Can we offer a Retrofit CiES Fuel Sender for your aircraft.
What are the steps we need to take:
- Obtain a a set of old fuel level sensors from the aircraft we are considering. If the part numbers for the senders match the aircraft they are on, we are good to go.
|New Cessna 177 Cardinal Fuel Level Sensors|
- Ideally this aircraft should have a strong user base with an owner base that demonstrates their willingness to embrace new technology with their pocketbook.
- Discuss the compatibility with commonly installed MFD components or instruments. CiES now has the capability of driving even old analog gauges in the aircraft (Universal Fuel Level). Our market is the pilot customer that is more concerned with fuel level issues and wants an instrument in the panel that has the capability of multiple point calibration.
- Evaluate the existing sensor design - For example the bends in these sensor arms are either to assist in installation and removal of the fuel sensor or to clear aircraft structure in the fuel tank.
|Old Cessna 177 Stewart Warner and Leigh Fuel Sensors|
- As our sensor design allows for an easily detachable arm - these bends might not be necessary and simplify the design greatly.
- We then proceed to manufacture a prototype sensor with our best guess for geometry.
|Cessna 177 Cardinal Fuel Tank - Internal Shot|
- Check the sensor in the aircraft fuel tank. As you can see in the illustration - in this case the simple arm design works better in the tank and sweeps a better fuel volume being closes to the Spar and maximum chord point.
- At this point we qualify the design with drawings and procedures for the completed unit so that we can send these files to the FAA to have this configuration added to our TSO.
|Fuel Tank with Prototype Sensor Installed|
- Once we have approved drawings we can can produce the required sender with a TSO Tag attached.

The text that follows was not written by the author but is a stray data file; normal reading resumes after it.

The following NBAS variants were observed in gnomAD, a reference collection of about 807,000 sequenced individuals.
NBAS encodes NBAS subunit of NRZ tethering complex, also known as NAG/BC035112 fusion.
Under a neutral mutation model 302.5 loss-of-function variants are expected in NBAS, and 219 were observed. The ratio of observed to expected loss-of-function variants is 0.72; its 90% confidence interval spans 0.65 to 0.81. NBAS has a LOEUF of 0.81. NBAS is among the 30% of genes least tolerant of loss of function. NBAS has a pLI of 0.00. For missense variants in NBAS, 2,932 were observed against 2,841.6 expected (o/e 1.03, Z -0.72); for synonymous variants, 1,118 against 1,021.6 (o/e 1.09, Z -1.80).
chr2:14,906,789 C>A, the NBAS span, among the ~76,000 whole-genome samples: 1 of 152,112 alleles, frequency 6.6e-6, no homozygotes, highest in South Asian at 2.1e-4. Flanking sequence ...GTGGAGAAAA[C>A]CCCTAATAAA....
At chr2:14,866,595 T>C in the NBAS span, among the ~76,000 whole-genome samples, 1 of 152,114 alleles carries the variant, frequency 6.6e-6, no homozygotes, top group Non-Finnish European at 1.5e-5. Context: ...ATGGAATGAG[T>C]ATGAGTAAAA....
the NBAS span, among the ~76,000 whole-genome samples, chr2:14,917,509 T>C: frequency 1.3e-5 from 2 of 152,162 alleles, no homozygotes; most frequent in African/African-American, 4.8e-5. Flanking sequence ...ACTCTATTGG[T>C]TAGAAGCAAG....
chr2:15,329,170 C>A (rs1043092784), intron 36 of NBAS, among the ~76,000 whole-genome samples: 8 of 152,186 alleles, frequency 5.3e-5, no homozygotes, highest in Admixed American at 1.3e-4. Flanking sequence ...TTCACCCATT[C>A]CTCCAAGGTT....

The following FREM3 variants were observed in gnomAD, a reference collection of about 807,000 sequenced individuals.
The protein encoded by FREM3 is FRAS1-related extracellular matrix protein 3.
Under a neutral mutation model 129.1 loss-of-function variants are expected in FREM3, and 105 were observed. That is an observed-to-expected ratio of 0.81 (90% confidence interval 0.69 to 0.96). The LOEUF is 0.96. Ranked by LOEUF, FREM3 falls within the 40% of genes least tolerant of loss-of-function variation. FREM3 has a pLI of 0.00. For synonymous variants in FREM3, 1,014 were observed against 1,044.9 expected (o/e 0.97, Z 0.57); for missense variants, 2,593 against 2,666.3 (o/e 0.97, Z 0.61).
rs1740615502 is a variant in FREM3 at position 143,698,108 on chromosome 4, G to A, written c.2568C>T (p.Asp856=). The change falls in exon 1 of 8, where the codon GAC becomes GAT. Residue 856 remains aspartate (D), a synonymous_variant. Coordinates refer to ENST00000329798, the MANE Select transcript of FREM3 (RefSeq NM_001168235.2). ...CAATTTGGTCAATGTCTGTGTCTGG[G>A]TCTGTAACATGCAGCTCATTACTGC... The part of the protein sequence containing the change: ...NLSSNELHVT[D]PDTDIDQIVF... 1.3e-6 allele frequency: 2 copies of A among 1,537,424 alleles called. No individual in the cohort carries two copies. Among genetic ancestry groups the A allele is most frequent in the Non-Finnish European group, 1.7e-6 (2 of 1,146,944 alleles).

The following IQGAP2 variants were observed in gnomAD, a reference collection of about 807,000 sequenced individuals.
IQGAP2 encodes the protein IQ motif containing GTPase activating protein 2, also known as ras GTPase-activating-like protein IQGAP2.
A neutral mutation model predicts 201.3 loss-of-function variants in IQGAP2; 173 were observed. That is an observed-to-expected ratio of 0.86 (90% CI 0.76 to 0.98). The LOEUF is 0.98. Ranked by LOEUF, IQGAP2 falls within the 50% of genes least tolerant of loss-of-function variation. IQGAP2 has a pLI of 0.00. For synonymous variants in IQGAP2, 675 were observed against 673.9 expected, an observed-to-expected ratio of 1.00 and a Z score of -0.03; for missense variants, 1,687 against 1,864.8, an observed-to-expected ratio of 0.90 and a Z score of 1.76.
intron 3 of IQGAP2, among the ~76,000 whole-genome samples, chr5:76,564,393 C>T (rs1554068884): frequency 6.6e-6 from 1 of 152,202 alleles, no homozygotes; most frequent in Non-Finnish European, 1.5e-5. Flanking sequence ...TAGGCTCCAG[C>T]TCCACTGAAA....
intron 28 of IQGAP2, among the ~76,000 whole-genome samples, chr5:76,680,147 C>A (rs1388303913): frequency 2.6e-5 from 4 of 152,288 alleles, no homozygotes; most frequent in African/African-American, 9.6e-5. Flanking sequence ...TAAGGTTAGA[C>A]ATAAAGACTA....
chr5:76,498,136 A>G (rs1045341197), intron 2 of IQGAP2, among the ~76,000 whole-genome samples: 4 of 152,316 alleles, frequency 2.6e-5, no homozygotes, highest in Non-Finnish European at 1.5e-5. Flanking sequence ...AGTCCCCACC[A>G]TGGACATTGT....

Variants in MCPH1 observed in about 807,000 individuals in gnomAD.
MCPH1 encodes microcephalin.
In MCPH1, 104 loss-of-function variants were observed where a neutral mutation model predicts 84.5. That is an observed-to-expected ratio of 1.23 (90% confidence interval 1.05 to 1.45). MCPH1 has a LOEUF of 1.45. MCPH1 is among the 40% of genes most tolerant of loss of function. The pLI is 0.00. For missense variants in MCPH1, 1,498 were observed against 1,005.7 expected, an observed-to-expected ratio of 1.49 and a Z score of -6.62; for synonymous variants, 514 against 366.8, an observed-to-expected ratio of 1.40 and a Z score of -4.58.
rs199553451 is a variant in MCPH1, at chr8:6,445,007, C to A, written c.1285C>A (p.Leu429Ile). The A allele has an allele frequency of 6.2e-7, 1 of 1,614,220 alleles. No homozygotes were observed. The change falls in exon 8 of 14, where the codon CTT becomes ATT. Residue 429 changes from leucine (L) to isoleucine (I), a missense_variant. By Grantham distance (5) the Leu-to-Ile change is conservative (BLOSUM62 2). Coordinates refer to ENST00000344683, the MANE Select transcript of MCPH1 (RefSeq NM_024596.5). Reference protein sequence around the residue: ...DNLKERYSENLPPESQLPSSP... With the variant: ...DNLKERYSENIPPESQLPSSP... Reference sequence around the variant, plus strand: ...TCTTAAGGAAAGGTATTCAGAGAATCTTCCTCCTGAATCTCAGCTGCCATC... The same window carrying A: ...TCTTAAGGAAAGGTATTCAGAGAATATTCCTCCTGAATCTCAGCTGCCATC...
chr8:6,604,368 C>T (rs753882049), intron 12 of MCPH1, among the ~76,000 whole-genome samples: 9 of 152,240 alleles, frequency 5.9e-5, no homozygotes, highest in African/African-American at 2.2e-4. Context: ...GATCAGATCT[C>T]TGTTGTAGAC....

- The fuel tank is then drained, the aircraft leveled and braced only then is the zero fuel amount added. There should be movement of the sender to be able to record an accurate zero fuel level, this is an absolute requirement.
- Fuel is then added to the tank incrementally and accurately to obtain data points for calibration. We direct the installer to take special caution to insure tabs fuel value is accurately recorded by the fuel display.
- Equally the installer needs to insure full fuel level per the POH is also accurately displayed.
Note: All aircraft fuel tanks are built with expansion volume - Full fuel per the POH may or may not be to the neck on the filler plate. This is very important as the aircraft will probably be fueled in the future on a ramp -
Varying fuel tank angles caused by imbalanced fuel filling - filling one side before the other
The angle of the ramp typically created to drain water from the ramp surface.
Both of the above have an effect on apparent aircraft fuel level from simple visual observation.
- A confirmation of entered fuel level and actual fuel level when the aircraft is in stable cruise flight may allow the pilot to correct for an erroneous starting fuel level value.
- The final result is a happy customer with a new fuel sender design that has hundreds of data points to describe the fuel tank contents on their new MFD display or instrument.
Note: While this seems to be an involved procedure - accurate fuel display on an aircraft requires this level of detail otherwise you might not get the information you need.